Deriving inspiration from the environment, these wallcoverings from Wolf-Gordon, Innovations, Carnegie and others boast soothing palettes and organically influenced patterns.
One of eight new introductions to Innovations Elemental collection – a nature-inspired series that introduces moments of calm through quiet colours and soft textures – Mantra’s irregular patterning evokes a sprawling lawn of bladed grass. Playing with light and shadow, the motif is achieved using a laser-cutting technique that gives the polyester satin weave a rich sheen and appealing texture. Offered in five colourways that range from deep burgundy and blue to shades of grey and off-white.
Seeking to cultivate much-needed optimism during last year’s global lockdowns, Calico Wallpaper co-founders Nick and Rachel Cope reached out to a few of their favourite fellow designers and invited them to reinterpret the studio’s signature dawn-to-dusk influenced Aurora collection. Collaborating remotely, the four creatives — Switzerland-based Ini Archibong, Dimorestudio of Milan, Sabine Marcelis in Rotterdam and Shanghai’s Neri&Hu — conceived distinctive and atmospheric murals inspired by current events while also looking to the future.
A convergence of two colours — the aquamarine blue of Lake Neuchatel and his daughter’s favourite colour, pink — Archibong named his pattern Yemoja (shown at top) after a water spirit (and patron protector of women and children) in the Yoruba tradition as a reminder to “leave a tenable future for the children whose earliest memories will be of this pandemic.” Meanwhile, Dimorestudio took cues from classic Asian lacquers and lanterns for its warm rusty-red Oblio, inspired by the promise of future travels to faraway lands.
Neri&Hu, in turn, looked to two artworks by Dutch Baroque painter Johannes Vermeer for its offering: the lemony yellows and angelic blues of The Lacemaker and the lapis lazuli in Woman Reading a Letter to offer a moment of orderly pause from the turbulent times. Last but not least, Marcelis drew from sunset view from her studio for Silhouette, an ombré that subtly transitions from warm orange to rich black that “represents the closing of a day and first signs and hope of a new day arriving.”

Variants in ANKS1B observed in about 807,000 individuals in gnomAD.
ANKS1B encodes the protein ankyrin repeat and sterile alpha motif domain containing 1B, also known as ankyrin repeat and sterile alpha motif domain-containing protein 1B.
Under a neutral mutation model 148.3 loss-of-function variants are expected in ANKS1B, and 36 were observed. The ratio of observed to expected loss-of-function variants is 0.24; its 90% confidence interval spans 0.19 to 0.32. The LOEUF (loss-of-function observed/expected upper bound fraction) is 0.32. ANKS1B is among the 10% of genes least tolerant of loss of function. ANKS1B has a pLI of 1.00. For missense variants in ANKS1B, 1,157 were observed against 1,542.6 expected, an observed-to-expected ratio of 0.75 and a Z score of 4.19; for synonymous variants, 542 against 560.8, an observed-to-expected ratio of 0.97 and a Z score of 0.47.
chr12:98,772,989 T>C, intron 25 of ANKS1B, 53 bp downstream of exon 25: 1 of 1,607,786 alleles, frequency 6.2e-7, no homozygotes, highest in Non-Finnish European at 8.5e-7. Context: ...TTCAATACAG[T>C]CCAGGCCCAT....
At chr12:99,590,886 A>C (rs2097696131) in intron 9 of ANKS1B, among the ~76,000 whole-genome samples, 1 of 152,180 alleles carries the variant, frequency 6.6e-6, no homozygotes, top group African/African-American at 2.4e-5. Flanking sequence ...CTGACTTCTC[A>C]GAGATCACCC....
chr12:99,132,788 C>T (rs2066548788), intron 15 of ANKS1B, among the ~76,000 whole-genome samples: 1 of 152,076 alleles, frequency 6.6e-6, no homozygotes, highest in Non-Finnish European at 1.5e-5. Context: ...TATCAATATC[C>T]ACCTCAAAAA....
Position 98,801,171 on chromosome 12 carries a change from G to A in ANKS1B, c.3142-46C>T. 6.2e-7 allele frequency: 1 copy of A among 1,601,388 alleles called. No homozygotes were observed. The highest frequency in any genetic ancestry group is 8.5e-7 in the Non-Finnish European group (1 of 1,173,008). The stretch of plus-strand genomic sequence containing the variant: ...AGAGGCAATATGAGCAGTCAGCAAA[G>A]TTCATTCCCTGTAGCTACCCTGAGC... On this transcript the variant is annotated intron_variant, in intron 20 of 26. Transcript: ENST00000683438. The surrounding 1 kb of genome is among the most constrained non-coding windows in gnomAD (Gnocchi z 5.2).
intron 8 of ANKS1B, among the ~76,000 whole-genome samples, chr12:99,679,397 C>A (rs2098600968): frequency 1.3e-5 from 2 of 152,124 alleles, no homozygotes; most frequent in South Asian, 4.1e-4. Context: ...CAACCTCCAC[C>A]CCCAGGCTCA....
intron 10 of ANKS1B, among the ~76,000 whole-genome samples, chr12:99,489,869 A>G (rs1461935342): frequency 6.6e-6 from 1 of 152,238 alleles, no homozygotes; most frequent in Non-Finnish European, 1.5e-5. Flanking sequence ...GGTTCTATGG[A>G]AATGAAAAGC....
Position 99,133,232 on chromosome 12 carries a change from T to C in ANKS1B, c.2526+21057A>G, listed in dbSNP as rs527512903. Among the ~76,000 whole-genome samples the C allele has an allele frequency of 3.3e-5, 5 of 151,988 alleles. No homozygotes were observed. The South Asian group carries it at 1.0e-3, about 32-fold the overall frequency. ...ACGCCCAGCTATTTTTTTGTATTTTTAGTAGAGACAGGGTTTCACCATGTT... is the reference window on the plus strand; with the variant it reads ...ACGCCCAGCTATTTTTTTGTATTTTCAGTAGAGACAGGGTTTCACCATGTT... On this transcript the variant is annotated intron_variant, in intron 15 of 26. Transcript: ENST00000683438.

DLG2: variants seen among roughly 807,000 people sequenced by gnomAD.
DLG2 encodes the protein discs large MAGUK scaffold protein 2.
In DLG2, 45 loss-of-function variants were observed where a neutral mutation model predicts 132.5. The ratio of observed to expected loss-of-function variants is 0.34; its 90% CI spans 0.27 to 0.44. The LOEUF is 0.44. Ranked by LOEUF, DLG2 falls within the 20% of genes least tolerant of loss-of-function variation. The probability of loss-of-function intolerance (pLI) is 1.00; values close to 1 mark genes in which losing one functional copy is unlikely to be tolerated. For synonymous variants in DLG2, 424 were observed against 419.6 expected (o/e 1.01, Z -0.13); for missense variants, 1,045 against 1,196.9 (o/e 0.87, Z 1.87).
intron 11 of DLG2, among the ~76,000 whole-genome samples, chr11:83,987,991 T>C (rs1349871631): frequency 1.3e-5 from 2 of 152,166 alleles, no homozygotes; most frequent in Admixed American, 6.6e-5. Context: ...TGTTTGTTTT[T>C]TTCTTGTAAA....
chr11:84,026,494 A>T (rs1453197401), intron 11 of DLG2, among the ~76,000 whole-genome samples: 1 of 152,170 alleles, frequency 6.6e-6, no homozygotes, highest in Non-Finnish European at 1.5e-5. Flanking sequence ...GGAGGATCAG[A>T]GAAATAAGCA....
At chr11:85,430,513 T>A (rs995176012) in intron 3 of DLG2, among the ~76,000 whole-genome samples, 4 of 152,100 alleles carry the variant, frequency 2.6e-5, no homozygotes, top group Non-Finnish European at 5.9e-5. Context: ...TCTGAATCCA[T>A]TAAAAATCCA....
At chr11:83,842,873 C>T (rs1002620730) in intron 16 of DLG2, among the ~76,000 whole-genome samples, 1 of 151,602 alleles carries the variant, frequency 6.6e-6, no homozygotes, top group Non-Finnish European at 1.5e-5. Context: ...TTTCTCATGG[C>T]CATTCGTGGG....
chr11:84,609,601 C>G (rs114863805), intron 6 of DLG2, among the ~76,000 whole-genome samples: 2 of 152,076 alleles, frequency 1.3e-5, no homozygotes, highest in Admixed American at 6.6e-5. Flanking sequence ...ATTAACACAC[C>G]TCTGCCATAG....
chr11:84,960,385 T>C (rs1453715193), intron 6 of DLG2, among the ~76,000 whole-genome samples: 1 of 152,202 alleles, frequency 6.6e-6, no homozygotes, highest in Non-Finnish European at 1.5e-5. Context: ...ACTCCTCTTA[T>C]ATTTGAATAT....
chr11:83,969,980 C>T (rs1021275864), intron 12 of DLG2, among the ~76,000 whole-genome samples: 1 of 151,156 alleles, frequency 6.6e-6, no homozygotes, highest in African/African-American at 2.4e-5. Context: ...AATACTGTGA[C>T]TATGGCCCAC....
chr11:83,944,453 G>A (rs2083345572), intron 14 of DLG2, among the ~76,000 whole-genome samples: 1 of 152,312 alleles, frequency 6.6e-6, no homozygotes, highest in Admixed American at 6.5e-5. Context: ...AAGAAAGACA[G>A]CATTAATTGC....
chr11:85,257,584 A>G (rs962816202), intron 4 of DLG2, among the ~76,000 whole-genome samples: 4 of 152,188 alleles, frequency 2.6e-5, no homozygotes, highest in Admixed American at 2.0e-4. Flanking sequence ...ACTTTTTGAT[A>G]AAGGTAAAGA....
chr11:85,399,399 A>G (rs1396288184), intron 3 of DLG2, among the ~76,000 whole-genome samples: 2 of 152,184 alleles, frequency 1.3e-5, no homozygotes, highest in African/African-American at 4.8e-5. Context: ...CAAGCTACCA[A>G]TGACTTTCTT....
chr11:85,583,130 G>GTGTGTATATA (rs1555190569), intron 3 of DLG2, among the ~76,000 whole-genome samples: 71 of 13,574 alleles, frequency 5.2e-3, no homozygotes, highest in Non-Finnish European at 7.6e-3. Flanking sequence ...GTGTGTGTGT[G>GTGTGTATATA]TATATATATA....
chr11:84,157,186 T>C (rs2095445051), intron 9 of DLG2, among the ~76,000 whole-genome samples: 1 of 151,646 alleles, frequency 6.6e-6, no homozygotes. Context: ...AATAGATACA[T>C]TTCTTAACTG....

For its four-part contribution to Wolf-Gordon’s expansion of the Curated Collection, Brooklyn-based Studioestudio looked to seasonal weather phenomena — sun, rain, wind and snow — often depicted in Japanese woodblock prints. From Spring’s spectrum of pastel purple, beige and green (suggesting a sun-fed field of lavender) to Winter’s pale grey and steely blue (forming a snowdrift-like canvas for a smattering of parallel lines and small snowy white dots), the digitally printed artwork have unique expressions that are unified by their delicate line work and gradated backgrounds.
Made from durable vinyl, each is available in one standard hue and can be customized in size and scale (as well, alterations can be made to the colour and substrate they are printed on, which include embossed vinyl textures, Mylar finishes, PVC-free and textile materials, acrylic panels and window films).
Along with a wide array of vibrant new hues added to its Xorel Meteor woven pattern (the palette now includes 80 full-spectrum options), Carnegie has also recently released three new Xorel textiles, including the Satellite Embroider that uses Meteor as its base. Drawing on years of in-depth colour research and development, the Xorel yarns manage to transmit dimensional pigments and layered tones. More rigid than fluid, the embroidered geometric grid pattern – overlapping vertical and horizontal lines, open and closed squares and rectangles – is offered in three soothing and earthy colourways that give the wallcovering both texture and nuance. Acoustical and wrapped panel applications as well as upholstery versions are available.
Exploring the relationships between the natural world and the human-made one, Gild puts an organic Art Nouveau spin on the classic Art Deco stylized fan motif. One of three patterns in the new floral-inspired Cultivate Collection (a series that reflects on the resiliency of both the natural world and human nature), Gild’s cascading graphic calls to mind a jungle of large-leafed plants — or perhaps translucent jellyfish — and offers a dynamic interplay of movement and depth.
Made from a propriety polyester/natural fibre blend (with minimum 36 per cent post-consumer recycled content), Gild is available in four colourways — two light and two dark.
With subtle nods to the natural world, these wallcoverings animate interiors.